Parents and Children

Instead of running scripts from ServerScriptService, you may want to attach a script to the part. For instance, using a script to turn a part into a trap or make a part give the player points when they touch it. By understanding how scripts and parts are related in the hierarchy, you can create a script that works automatically without naming which part to use.

To do this, you must understand parent and child relationships.

Parents and children are ways to describe the hierarchy between different objects. Anytime you've added a new part to Workspace, Workspace has been the parent object, and the part became a child object. When you added a script to ServerScriptService, ServerScriptService was the parent, and the script was a new child.

Setting Up the Project and Script

To demonstrate parent and child relationships, you'll start with a single part that changes colors and then duplicate the script across multiple parts.

  1. Create a new part and rename it. This lesson will use ColorPart.

  2. Right-click the part and select Insert Object > New Script. Rename the script ColorChanger.

  3. Copy and paste the code below into ColorChanger. This version of the code is the same that you used before. It assigns a specific part to a variable.

    Changes the color of ColorPart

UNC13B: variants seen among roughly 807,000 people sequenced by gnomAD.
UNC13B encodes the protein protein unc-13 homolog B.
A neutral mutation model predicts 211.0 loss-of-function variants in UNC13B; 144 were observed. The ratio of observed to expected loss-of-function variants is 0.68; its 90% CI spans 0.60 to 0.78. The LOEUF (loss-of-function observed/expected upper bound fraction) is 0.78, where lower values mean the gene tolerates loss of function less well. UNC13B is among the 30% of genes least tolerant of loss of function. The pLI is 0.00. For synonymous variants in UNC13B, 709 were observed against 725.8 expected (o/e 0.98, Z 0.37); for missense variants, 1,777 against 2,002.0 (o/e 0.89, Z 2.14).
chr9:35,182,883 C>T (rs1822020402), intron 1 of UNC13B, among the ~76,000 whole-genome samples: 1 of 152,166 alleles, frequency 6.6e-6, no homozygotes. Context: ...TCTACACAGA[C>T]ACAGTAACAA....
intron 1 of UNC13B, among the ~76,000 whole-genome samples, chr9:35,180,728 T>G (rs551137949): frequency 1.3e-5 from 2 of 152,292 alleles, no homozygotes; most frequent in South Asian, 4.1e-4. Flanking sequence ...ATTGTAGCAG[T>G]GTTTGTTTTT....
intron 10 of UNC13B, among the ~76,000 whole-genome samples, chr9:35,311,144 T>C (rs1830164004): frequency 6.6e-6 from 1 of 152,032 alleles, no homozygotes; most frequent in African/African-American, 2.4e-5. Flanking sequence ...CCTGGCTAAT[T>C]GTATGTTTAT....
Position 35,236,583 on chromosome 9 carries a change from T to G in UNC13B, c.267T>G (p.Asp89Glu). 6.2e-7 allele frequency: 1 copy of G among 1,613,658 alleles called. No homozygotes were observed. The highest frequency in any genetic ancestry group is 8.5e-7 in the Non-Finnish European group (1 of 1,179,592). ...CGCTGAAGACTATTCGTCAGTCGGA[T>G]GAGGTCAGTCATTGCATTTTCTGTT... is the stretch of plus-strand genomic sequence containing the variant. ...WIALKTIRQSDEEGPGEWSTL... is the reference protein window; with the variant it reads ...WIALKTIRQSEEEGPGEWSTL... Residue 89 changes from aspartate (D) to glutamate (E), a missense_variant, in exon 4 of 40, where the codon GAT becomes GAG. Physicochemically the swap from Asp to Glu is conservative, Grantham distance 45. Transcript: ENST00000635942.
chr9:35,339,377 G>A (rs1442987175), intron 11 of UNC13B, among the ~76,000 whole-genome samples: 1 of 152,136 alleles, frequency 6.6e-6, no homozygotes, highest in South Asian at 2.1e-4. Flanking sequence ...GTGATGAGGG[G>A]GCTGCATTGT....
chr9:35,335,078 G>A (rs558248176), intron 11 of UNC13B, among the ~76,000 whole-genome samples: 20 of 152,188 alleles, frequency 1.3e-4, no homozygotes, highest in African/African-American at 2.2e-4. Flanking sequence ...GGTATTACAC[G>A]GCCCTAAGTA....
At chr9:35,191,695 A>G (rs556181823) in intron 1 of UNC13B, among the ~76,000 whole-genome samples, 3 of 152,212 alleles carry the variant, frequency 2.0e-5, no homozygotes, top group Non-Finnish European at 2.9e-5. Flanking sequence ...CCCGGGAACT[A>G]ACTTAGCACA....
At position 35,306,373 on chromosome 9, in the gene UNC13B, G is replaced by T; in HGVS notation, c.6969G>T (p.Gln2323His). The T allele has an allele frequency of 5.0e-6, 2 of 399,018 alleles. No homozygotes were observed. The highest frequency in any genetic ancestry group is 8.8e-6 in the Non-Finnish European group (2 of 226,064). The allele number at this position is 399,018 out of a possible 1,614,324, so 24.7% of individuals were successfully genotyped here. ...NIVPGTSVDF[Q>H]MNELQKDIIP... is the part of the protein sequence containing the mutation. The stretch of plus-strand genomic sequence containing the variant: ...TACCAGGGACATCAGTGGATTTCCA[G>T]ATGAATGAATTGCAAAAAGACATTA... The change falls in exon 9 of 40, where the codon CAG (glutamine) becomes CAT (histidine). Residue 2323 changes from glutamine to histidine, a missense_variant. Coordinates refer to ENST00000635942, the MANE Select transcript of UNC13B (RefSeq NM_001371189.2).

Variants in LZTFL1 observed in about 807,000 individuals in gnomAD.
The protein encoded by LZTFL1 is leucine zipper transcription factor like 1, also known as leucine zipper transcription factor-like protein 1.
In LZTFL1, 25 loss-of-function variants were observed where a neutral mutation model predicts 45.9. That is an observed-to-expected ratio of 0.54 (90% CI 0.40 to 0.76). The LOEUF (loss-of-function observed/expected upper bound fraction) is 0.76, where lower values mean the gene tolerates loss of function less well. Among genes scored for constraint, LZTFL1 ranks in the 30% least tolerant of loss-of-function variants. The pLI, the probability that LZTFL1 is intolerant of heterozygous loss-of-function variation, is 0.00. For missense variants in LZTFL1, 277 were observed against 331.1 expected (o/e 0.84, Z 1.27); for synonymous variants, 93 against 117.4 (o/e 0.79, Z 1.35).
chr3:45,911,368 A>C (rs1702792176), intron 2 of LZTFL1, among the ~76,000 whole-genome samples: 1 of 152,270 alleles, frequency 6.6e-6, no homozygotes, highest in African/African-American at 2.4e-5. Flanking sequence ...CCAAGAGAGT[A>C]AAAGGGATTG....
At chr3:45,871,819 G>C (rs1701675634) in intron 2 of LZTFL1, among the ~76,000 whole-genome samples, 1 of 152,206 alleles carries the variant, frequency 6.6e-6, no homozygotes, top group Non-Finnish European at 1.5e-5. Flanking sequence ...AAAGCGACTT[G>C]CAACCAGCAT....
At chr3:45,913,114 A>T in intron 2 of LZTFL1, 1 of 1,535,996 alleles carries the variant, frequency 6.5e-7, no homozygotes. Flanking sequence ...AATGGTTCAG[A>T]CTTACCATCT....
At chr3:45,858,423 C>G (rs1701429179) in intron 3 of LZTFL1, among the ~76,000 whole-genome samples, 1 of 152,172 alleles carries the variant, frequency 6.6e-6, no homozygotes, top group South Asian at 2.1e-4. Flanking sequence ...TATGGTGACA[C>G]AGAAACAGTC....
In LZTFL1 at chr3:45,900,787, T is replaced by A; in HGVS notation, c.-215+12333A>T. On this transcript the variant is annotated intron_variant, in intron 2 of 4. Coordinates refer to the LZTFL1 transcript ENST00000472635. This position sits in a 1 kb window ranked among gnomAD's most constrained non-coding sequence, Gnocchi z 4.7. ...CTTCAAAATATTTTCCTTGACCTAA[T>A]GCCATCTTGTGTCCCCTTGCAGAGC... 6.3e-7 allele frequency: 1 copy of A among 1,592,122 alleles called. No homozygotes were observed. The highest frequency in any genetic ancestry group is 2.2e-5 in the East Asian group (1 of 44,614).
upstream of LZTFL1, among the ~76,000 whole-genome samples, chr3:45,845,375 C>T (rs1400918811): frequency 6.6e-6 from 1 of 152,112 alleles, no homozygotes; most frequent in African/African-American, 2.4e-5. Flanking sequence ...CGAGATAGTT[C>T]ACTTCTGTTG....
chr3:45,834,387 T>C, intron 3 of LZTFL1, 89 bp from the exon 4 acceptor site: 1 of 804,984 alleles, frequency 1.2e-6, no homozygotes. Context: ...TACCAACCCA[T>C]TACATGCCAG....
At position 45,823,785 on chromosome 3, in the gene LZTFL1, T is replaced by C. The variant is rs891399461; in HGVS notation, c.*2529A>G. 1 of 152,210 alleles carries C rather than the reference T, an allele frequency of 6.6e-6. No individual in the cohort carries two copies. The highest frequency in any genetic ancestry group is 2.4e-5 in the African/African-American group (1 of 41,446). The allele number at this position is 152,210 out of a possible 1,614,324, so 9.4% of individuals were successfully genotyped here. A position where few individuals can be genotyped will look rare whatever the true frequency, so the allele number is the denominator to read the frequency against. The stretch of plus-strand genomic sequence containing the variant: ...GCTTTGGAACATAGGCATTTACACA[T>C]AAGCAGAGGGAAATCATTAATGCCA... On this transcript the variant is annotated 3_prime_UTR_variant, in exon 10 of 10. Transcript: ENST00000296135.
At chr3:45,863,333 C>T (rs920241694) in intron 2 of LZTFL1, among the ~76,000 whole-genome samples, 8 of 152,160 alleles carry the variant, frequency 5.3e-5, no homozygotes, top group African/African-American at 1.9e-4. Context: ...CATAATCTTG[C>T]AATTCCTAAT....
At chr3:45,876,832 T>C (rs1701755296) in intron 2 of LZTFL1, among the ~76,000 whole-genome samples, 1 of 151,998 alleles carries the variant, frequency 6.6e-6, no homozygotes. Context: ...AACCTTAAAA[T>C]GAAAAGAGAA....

local colorPart = workspace.ColorPart
    colorPart.Color = Color3.fromRGB(50, 240, 255)

4.Test and check that the part changes color as desired.

Parent and Child Relationships

A parent is anything with objects, like scripts or parts, attached below it. Anything under the parent is its children. In the example below, ColorPart is the parent, and ColorChanger is the child.

With the current script, you can only change the color of a single part named ColorPart. To change any part's color, you can design the code to work on the script's parent object, whatever it happens to be named. The code script.Parent, will go up the hierarchy and find the object the script is attached to.

Using script.Parent

script.Parent can be assigned to a variable like any other value with the = symbol.

  1. In the script, replace the named part with script.Parent. Check your code below.

    Changes the color of the parent object

    local colorPart = script.Parent
    colorPart.Color = Color3.fromRGB(50, 240, 255)

Testing Reusable Parts

Now that the variable will refer to whatever part the script is attached to, you can make as many copies as you want.

  1. Right-click on the color part and select Duplicate, or use the hot-key CtrlD (D). Create at least three total parts.

  2. Run the game to check that all parts change color.


Instead of always directly referencing parts by name and location, script.Parent can be used as an alternative. That code will grab the parent, or object, that the script is attached to, thus letting the script make modifications to it. Using code such as script.Parent will come in handy to make your code reusable. One drawback to remember is that you now have multiple scripts that require updating if you want to change the code.